My stomach growled at the very implication, and I quickly changed clothes before nodding. “Right, let’s get this workout done then, before I start eating the weights instead of lifting them.”

On my way out, I stopped to grab Herbie, tossing him up into the air before catching him. “Don’t worry, buddy, I wouldn’t leave you alone in the room all day. You’d get too lonely.”

Before I reached the door, a hand caught my sleeve. Glancing over to find Scout standing there with her hand on me, I blinked. “Oh hey, what’s up?”

In answer, the girl released my sleeve before reaching into her pocket to take out a small box. She presented it to me without ever saying anything, a hesitant smile touching her face.

I took the offered box and opened it, tilting my head at the contents. There were a pair of cute googly eyes and a bottle of super glue. It took me a second before I realized. “For Herbie?”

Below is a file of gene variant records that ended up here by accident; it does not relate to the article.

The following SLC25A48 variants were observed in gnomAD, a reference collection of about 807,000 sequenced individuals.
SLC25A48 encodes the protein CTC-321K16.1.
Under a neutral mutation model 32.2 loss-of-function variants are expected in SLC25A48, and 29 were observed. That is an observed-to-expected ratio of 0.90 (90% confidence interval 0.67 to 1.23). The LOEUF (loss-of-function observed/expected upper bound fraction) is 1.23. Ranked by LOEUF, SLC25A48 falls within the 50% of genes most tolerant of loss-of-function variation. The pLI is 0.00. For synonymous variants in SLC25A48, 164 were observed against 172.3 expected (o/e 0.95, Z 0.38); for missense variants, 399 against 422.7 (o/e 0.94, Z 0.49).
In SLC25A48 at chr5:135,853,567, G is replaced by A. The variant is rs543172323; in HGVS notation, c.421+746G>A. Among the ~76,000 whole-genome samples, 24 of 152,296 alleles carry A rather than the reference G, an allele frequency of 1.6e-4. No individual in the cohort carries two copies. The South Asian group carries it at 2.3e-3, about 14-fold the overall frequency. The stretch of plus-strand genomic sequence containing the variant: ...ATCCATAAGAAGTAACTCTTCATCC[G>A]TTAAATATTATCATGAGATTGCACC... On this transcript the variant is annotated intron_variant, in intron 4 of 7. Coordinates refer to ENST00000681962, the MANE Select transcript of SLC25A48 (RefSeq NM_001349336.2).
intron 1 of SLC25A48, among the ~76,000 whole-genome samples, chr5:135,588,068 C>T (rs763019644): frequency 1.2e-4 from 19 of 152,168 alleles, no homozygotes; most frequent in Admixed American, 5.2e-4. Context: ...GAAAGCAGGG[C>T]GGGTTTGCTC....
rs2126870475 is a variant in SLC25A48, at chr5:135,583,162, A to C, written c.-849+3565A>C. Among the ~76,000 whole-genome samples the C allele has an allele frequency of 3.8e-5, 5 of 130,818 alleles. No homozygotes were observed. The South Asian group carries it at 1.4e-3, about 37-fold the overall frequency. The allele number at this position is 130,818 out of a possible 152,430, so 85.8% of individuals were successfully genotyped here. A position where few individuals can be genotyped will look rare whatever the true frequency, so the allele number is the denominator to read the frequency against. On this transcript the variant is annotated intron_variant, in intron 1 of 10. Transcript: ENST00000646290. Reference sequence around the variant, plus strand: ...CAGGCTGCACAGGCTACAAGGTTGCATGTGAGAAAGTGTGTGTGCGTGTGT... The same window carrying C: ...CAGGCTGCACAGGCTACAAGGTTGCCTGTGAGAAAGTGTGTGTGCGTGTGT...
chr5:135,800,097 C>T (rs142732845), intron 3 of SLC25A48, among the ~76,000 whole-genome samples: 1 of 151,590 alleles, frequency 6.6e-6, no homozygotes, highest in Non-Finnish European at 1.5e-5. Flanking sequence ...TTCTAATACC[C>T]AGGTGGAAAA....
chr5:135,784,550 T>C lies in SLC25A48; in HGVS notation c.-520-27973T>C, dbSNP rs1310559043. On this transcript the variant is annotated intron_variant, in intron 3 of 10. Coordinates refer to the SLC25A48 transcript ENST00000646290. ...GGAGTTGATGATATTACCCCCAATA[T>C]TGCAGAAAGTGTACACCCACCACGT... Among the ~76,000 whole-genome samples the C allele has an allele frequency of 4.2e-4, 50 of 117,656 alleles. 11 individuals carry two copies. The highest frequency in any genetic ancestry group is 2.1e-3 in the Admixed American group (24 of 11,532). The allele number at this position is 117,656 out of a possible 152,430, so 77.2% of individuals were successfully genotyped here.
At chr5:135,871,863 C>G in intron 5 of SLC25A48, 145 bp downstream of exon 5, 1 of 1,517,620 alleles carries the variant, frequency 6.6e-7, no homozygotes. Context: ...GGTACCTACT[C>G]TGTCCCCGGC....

The other girl smiled faintly, half hidden behind her lowered head, and nodded shyly, still silent.

“Hey, thanks, Scout.” I returned her smile. “I’ll put the eyes on when we get down there. That way he can dry while we’re doing the workout. Where’d you find this stuff anyway?”

Rather than answer, the girl visibly froze. She went completely still for a few seconds before shrugging.

“Yeah,” Sands shook her head. “She wouldn’t tell me either. I guess there’s some secrets even I don’t merit. All I know is that she had it when she came back with that banana.”